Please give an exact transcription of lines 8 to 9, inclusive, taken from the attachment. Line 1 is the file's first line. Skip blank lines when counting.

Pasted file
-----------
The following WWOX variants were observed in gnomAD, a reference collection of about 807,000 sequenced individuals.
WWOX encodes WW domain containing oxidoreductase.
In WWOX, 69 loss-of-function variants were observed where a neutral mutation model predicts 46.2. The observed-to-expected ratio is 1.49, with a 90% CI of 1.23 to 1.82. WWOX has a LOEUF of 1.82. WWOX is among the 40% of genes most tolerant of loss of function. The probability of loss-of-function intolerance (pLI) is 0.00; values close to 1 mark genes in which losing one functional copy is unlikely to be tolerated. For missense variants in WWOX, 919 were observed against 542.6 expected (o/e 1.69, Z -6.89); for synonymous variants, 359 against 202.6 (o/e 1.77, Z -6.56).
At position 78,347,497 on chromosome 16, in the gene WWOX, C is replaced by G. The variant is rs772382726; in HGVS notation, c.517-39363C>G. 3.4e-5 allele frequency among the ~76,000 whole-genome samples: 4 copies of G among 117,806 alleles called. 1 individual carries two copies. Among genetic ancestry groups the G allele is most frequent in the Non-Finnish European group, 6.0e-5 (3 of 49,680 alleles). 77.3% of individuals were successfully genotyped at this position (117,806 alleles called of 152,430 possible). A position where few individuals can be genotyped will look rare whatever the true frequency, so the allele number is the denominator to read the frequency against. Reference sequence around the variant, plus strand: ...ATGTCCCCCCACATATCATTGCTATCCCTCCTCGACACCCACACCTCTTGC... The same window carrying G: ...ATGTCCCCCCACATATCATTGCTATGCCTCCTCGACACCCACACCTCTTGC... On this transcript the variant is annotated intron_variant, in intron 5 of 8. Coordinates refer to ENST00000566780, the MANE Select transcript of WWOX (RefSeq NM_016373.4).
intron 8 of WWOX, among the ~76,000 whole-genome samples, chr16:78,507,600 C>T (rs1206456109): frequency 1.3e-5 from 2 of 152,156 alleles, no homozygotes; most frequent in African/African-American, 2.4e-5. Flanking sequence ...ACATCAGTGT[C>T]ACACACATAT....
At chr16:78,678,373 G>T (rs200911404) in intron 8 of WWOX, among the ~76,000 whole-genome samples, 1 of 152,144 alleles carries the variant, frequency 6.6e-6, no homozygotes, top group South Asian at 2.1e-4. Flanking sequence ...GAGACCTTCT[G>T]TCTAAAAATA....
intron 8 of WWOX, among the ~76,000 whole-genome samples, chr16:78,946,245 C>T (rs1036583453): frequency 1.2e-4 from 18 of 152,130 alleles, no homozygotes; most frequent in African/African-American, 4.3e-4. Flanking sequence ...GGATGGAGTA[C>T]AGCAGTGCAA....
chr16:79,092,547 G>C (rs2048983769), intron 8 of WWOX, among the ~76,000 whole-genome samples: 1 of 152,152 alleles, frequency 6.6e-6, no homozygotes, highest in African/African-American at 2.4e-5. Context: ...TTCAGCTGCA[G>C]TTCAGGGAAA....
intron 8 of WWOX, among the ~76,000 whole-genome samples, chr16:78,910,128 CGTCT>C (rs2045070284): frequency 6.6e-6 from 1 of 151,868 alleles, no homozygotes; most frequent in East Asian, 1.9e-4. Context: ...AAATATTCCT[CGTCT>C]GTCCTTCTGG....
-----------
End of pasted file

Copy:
chr16:79,092,547 G>C (rs2048983769), intron 8 of WWOX, among the ~76,000 whole-genome samples: 1 of 152,152 alleles, frequency 6.6e-6, no homozygotes, highest in African/African-American at 2.4e-5. Context: ...TTCAGCTGCA[G>C]TTCAGGGAAA....
intron 8 of WWOX, among the ~76,000 whole-genome samples, chr16:78,910,128 CGTCT>C (rs2045070284): frequency 6.6e-6 from 1 of 151,868 alleles, no homozygotes; most frequent in East Asian, 1.9e-4. Context: ...AAATATTCCT[CGTCT>C]GTCCTTCTGG....